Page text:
Yoga has been around for centuries, and you can find a yoga studio just a few minutes away no matter where you are. But yoga as a practice has come a long way from its origins to its modern variations like hot yoga, PiYo (pilates + yoga), prenatal yoga, aerial yoga, and more!
What is yoga?
At its most basic, “yoga” is a collection of physical, mental, and spiritual practices. In our modern day, we are most familiar with the physical postures, movements, and crazy poses on Instagram. However, if you’ve ever spoken to a hard-core “yogi,” then you’ve probably noticed their dedication to mindful meditation, natural healing, and a peaceful lifestyle. And this is likely because of yoga’s very spiritual beginnings.
How did yoga start?
Historically, the beginnings of yoga can be traced back to northern India. The first mentions of the word “yoga” can be found in ancient Hindu religious texts. And while yoga itself isn’t necessarily a religion, it does have rich roots in Hinduism, Buddhism, and Jainism.
While similar, yoga as we know it, was formed much later on. Tirumalai Krishnamacharya, often dubbed “the father of yoga,” greatly developed modern yoga in the first half of the twentieth century by incorporating elements of gymnastics and Indian wrestling to develop dynamic yogic movements that promote physical fitness. He incorporated specific breathing patterns and “gaze points” to help the participant enter a meditative-like state while working their way through yoga poses.
What does yoga do for the body?
Yoga has a variety of health benefits, including stronger heart health, arthritis relief, better sleep, and increased strength and balance (deep breathing warms muscles up and holding poses strengthens them).
Of course, the flexibility of yoga masters is the most obvious visible bodily benefit. Flexibility prevents injury and increasing flexibility can release muscle tension and even assist with certain types of chronic pain. This is why you might hear yoga instructors telling you to “breathe into the muscle.”
Our muscles naturally relax when we take longer, deeper breaths. That’s how our bodies know we are safe. When the body feels safe, it releases tension in the muscles, allowing you to stretch deeper and further. “Breathing into the muscle” essentially means taking in a long breath and imagining that rejuvenating oxygen going to that specific part of the body, further building on that mind-muscle connection.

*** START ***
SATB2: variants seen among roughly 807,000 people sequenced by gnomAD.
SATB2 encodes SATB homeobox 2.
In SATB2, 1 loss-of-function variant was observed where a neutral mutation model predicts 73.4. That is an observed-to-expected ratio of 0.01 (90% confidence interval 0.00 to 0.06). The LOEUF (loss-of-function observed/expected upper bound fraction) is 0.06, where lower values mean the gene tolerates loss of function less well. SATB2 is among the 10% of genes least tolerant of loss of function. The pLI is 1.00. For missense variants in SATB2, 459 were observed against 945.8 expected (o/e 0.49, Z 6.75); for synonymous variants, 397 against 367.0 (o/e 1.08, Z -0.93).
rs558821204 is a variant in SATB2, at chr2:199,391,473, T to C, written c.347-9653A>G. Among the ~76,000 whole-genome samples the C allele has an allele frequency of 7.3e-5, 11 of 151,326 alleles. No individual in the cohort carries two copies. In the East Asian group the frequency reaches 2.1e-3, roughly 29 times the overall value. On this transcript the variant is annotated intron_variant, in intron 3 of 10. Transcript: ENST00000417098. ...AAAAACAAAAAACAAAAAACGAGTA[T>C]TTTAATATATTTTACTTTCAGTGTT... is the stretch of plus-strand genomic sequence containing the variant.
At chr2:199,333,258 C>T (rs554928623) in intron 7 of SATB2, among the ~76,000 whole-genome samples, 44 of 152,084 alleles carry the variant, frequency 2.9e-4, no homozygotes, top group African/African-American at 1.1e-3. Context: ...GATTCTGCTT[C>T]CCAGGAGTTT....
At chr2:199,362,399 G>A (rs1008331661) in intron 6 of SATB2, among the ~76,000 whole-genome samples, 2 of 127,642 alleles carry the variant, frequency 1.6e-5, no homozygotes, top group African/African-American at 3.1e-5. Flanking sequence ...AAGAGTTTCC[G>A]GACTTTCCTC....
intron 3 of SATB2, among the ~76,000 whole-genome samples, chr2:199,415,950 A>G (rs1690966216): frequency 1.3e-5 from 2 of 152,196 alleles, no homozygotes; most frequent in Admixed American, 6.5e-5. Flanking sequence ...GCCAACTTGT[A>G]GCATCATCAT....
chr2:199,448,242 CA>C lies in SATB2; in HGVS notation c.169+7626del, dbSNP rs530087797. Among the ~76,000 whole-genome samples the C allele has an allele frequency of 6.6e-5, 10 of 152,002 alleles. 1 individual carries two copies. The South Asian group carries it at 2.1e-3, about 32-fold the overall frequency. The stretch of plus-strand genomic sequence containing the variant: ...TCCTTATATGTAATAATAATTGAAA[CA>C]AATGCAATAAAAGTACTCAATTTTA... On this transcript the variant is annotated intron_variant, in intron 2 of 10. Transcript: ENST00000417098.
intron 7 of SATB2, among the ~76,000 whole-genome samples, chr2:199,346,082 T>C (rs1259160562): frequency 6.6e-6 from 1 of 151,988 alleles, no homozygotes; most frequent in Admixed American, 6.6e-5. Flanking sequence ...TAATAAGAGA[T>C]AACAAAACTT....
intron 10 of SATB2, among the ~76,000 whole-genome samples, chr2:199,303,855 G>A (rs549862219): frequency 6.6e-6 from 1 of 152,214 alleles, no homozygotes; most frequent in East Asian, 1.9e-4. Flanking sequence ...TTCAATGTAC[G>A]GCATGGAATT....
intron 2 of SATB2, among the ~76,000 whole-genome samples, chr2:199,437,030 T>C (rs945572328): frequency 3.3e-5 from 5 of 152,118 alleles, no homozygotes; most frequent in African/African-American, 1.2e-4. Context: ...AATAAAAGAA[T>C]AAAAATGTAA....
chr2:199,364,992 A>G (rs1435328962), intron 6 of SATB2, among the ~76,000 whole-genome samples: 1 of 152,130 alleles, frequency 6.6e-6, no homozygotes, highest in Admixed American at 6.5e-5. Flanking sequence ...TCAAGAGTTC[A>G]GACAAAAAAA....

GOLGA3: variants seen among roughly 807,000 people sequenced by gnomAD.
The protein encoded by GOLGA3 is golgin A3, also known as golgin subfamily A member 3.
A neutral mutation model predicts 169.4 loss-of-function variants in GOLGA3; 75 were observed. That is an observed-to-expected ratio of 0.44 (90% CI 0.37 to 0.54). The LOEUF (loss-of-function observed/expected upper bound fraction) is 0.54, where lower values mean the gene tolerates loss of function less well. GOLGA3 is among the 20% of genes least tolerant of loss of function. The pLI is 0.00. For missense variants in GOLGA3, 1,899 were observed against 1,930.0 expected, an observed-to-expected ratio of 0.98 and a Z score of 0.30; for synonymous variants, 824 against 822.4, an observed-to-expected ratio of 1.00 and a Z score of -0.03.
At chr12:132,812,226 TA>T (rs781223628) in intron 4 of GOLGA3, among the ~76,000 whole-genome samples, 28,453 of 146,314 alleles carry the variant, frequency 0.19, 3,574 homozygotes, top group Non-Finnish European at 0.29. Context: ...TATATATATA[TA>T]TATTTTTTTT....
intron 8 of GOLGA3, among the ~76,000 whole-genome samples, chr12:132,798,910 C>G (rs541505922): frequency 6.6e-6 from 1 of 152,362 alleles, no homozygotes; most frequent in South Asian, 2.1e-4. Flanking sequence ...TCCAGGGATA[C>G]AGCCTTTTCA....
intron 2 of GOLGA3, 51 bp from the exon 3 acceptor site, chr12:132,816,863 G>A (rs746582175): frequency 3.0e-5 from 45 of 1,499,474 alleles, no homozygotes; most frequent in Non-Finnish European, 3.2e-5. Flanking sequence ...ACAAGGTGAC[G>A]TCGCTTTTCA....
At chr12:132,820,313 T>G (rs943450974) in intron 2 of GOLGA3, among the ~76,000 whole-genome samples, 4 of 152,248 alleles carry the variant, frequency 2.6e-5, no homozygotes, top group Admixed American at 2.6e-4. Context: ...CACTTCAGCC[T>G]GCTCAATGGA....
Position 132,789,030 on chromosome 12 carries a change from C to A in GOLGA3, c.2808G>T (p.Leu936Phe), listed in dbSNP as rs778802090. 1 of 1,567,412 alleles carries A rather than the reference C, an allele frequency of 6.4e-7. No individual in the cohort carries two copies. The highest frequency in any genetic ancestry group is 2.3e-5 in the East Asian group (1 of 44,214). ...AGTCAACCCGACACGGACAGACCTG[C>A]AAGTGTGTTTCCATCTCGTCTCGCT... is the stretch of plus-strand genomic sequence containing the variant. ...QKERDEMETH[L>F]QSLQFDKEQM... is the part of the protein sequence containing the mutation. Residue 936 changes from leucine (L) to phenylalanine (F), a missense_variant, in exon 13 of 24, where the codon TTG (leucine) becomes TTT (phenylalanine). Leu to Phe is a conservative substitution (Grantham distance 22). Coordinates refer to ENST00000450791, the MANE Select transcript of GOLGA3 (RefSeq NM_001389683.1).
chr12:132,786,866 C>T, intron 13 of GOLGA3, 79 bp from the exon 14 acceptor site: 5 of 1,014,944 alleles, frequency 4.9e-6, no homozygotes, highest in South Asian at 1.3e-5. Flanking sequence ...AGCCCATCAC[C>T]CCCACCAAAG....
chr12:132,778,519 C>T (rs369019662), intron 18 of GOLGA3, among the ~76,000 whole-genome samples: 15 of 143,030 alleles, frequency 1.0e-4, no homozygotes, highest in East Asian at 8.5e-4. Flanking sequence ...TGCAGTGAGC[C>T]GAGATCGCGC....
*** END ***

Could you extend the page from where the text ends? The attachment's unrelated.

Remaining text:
So, it’s just…stretching?
While yoga certainly stretches the body, it’s a means of stretching the mind as well – and bringing those two things together (which is why the meditative state and breathing are so important to the practice). Yoga, at its core, takes that idea of the mind-muscle connection further.
Because yoga is a spiritual discipline – perhaps even more so than physical – it focuses heavily on finding unity between the body and mind for a cohesive way of living. In fact, the word “yoga” comes from the Sanskrit term “yuj,” which means “to join” or “to unite.”
How does it help the mind?
Yoga is unique to other types of exercise in that it places a huge emphasis on mental health and mindful living. That original concept of “unity” was meant to connect a person with the Divine. And while that idea has been adapted to suit different mindsets and spiritualities, many people use the deep breathing and muscle release as a means of “going within” to find a better connection to their emotions and mental wellbeing.
Physically, deep breathing and general fitness decrease feelings of stress and anxiety, providing more energy as well as a mood boost to people who practice yoga regularly.
How do I get started?
Depending on your current activity level and comfort with yoga as a practice, there are different places where you can dive in. Remember, you can use yoga blocks to help prop you up if you don’t want to stretch too far!
It’s important to understand that yoga poses – especially more advanced positions – call for lots of strength and balance. Despite the slow movement, it is easy to injure yourself if you try to stretch too far too fast. Here are a few good places to start.
For those who struggle with balance, are new to their health journey, are working through injuries, or are more mature, chair yoga is a great way to begin yoga without the need to fully support the body in any plank or table-top positions. (I also love doing a little chair yoga in the middle of the day if I’m spending a lot of time at my desk!)
For yoga newbies who want to dip their toes in, gentle yoga is a great way to go. I love hatha yoga (a very traditional form that really focuses on breathing and the meditative state over breaking a sweat) for a lighter day of movement that leaves me feeling amazing.
Another type of yoga that is less about sweat, yin yoga focuses heavily on muscle release by allowing you to settle into poses for a longer amount of time. You’ll get into a position and breathe, encouraging your body to get rid of trapped-up tension. This is perfect for people who need a little stress relief or sit at a desk most of the day.
Dive into yin yoga here or here (this one uses a pillow!).
Vinyasa yoga flow
For those ready for something a little more intense, the popular vinyasa style starts to get into a more athletic, movement-based type of yoga. It’s the perfect morning workout to set you up for the day.
Ready to work up a sweat? Then power yoga is for you. There will be plenty of planks and lunges that will definitely get your heart pumping, and you’ll feel amazing afterwards! This type of yoga is fantastic for toning.